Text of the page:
Heat Exchanger Machines How They Work

The Heat Exchanger Espresso Machine - Demystified

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In this article I want to explain how the Heat Exchanger type of espresso machine actually works. This type of machine is really very simple, although often people seem to believe it’s much more complicated than it is, especially the mystical “heat exchanger”. As usual on Coffeetime, we like to keep it simple:

Let’s first start with an explanation of the “Heat Exchanger (HX)”, a very fancy term for a copper tube that passes through hot water. In the picture below, we have built one, and as the cold water flows through the copper tube, immersed in a container of hot water, it gets heated up.


So the HX is really very simple and it is probably clear that the temperature of hot water exiting the heat exchanger depends on a number of things

  • How hot the water in the container (boiler) is
  • The surface area of the copper tube (or to put it simply, how long it is)
  • The temperature of the water when it enters the copper tube
  • How fast the water flows

The espresso machine designers will have to consider these factors in designing a machine that is able to produce enough hot water, without it being too hot and to minimise the requirements of a cooling flush. Now we have the “complexities of the very simple device that is the “Heat Exchanger” out of the way, lets move on to a simplified diagram of the insides of a real espresso machine


The diagram has been divided into 3 coloured sections for clarity (click to enlarge).

Yellow Section

This section is what could be termed the cool side of the machine; it will contain the cold water tank (or possibly mains water inlet on a plumbed machine). Its task is to provide water at the correct pressure to the rest of the espresso machine. The pump can be either a Vibration pump, or in the case of a machine like my Izzo Alex, a rotary pump. Its sole purpose is to pump water at high pressure (9 or 10 bar).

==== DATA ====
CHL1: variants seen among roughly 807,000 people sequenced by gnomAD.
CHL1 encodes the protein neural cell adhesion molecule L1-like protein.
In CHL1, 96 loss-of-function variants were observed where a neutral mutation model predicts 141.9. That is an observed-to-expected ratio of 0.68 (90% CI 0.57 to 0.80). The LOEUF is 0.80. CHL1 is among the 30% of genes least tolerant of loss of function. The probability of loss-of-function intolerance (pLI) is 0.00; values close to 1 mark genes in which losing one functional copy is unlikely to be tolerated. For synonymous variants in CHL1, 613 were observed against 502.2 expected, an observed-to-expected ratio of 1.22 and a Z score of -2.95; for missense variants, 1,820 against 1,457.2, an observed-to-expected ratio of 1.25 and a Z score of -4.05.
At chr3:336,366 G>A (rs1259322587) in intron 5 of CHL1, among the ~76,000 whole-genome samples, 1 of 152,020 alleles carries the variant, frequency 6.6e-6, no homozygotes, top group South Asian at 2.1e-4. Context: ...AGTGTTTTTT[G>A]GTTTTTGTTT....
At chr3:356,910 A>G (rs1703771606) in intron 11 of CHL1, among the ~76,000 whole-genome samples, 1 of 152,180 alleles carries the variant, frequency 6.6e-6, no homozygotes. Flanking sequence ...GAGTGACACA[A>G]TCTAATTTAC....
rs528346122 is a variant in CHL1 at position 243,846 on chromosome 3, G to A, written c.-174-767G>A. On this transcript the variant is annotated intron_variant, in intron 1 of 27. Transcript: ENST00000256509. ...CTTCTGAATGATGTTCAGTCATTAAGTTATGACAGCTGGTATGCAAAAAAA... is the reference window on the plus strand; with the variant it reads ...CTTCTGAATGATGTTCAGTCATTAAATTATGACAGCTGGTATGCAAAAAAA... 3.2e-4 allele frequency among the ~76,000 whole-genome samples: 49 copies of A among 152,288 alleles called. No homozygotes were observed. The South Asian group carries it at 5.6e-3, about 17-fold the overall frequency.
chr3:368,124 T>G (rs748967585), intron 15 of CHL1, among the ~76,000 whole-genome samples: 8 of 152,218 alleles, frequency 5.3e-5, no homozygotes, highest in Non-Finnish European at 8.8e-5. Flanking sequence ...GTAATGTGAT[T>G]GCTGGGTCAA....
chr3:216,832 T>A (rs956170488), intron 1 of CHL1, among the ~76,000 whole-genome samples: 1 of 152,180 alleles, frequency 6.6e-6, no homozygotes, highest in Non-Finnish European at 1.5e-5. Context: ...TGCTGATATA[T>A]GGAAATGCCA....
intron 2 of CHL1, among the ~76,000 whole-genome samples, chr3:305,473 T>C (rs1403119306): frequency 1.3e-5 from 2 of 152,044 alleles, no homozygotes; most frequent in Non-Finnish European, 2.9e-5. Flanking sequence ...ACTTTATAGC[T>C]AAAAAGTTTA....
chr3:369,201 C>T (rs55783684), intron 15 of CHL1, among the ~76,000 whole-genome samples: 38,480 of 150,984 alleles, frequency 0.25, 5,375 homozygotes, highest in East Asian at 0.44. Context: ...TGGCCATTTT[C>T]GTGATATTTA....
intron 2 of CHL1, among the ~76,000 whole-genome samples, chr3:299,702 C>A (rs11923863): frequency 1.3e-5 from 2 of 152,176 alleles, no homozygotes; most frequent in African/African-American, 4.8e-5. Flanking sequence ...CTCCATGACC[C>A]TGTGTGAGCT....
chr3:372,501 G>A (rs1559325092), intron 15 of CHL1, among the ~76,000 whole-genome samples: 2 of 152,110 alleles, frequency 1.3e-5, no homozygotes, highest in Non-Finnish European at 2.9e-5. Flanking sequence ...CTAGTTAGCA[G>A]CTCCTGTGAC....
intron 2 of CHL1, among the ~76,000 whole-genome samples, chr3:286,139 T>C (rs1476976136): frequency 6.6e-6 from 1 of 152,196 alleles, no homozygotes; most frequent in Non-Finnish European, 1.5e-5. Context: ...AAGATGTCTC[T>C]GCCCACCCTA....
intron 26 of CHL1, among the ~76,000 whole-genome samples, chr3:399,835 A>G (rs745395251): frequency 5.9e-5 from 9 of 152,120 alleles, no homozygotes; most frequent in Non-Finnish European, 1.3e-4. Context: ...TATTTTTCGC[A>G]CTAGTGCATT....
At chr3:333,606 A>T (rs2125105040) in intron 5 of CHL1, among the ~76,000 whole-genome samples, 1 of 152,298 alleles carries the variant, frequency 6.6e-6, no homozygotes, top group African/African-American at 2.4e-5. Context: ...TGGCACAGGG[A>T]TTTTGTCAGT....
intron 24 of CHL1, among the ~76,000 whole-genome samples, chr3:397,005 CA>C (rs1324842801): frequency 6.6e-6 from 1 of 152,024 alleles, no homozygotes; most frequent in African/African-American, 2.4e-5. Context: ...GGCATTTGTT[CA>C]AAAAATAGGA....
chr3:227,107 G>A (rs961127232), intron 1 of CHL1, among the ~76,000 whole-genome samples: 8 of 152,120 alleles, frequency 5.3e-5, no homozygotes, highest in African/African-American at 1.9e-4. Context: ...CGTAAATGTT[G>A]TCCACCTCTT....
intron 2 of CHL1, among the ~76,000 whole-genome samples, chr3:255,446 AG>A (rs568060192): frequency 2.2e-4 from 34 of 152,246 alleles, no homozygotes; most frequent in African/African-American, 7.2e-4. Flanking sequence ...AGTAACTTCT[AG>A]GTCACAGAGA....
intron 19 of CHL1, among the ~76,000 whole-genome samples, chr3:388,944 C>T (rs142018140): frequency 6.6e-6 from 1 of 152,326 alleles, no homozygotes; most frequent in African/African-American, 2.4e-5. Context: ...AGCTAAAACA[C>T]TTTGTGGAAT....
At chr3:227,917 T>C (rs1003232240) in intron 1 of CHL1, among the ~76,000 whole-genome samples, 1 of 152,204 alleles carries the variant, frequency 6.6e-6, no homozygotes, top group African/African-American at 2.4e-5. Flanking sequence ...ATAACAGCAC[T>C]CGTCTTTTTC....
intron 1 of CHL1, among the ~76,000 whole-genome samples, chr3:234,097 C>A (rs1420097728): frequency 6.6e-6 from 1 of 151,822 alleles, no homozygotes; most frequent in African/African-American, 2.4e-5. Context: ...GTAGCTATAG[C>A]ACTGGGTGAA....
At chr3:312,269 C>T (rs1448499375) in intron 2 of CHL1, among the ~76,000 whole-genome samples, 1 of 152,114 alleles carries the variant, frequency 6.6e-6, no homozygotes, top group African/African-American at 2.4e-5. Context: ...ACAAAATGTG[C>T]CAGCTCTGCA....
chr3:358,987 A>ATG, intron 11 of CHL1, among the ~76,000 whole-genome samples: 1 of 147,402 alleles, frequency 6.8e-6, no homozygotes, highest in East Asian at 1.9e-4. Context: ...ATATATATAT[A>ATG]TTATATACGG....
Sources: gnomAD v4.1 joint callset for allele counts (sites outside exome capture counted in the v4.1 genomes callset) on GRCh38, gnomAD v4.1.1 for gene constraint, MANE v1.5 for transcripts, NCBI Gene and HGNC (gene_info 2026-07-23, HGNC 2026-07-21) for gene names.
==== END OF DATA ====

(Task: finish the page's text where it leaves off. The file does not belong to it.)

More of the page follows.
Note: Vibration pumps are unregulated and deliver water at a pressure of 15 bar (much too high for espresso). Rotary pumps have their own internal pressure regulation and can be regulated to deliver water directly at 9 bar.

The water is drawn from the cold water tank, into the vibration pump, and through a device called an OPV (pressure release valve) which lowers it’s pressure. You will notice that this OPV has a tube leading back to the cold water tank, because to regulate water pressure down to 9 or 10 bar, it has to allow some of the water back to the tank rather than into the machine (see OPV article for more information on how the OPV works).

The water now passes from the OPV to the rest of the machine; this water can now only exert a maximum static pressure of 9 or 10 bar. It next comes to something called an “Autofill Solenoid”. The “Autofill Solenoid” has two positions:

  • Water is directed to the E61 group (via the HX) for making coffee (normally in this position)
  • Water is directed into the main boiler to refill e.g. after steaming, or using hot water.

The function of this solenoid, as you may have guessed, is simply to ensure the main boiler can fill when needed, without pushing water through the E61 group.